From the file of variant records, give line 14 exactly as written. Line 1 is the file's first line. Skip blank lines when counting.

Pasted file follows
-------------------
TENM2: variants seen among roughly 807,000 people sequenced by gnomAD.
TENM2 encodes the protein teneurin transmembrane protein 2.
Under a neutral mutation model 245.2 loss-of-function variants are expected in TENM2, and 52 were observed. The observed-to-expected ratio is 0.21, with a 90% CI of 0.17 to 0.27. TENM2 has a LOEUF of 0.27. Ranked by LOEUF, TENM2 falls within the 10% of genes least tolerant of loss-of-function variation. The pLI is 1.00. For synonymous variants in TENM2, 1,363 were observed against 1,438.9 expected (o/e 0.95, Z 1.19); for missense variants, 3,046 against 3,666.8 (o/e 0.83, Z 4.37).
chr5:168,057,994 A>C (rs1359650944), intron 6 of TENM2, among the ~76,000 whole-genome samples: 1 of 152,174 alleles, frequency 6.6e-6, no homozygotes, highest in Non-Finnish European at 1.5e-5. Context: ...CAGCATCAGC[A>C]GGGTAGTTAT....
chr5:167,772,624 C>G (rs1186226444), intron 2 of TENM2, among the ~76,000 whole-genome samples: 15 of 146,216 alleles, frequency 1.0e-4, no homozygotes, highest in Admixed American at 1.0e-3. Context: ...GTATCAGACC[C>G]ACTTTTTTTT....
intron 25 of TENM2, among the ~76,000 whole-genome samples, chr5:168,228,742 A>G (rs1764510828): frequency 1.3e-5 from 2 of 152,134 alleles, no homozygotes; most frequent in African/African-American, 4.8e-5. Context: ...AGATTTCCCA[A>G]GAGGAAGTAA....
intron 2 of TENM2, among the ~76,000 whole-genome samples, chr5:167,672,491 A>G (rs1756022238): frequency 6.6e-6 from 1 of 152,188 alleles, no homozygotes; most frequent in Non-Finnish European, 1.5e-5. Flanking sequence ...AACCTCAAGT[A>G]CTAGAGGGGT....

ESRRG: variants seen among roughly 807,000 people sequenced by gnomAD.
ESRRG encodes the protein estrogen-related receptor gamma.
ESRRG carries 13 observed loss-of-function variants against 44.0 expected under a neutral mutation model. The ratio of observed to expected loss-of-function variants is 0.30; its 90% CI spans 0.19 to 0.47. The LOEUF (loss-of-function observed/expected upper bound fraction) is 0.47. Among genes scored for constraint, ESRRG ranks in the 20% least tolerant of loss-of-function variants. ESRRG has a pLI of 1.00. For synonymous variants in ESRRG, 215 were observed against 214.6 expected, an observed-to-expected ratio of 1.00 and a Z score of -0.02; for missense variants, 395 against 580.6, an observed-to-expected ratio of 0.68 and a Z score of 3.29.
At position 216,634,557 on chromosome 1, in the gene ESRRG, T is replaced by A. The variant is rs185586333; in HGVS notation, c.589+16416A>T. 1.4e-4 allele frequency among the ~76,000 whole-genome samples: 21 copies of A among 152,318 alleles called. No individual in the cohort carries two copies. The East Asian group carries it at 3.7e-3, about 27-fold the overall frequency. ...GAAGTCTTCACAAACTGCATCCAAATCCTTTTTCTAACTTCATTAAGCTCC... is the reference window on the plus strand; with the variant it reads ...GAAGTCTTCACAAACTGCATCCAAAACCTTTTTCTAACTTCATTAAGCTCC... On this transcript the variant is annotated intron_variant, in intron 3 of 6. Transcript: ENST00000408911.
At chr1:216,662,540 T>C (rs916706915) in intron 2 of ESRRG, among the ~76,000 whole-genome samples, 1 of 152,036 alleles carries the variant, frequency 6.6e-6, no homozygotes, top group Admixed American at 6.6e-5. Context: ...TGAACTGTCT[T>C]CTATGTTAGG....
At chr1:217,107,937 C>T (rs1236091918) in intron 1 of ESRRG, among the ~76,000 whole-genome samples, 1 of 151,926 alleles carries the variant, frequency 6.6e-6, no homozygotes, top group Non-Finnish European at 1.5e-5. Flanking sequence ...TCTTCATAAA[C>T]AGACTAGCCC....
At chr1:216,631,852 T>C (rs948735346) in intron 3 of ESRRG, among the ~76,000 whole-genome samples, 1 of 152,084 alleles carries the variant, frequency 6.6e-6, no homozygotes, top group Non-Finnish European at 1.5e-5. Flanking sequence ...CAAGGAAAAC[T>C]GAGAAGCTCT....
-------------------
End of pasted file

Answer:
At chr1:216,631,852 T>C (rs948735346) in intron 3 of ESRRG, among the ~76,000 whole-genome samples, 1 of 152,084 alleles carries the variant, frequency 6.6e-6, no homozygotes, top group Non-Finnish European at 1.5e-5. Flanking sequence ...CAAGGAAAAC[T>C]GAGAAGCTCT....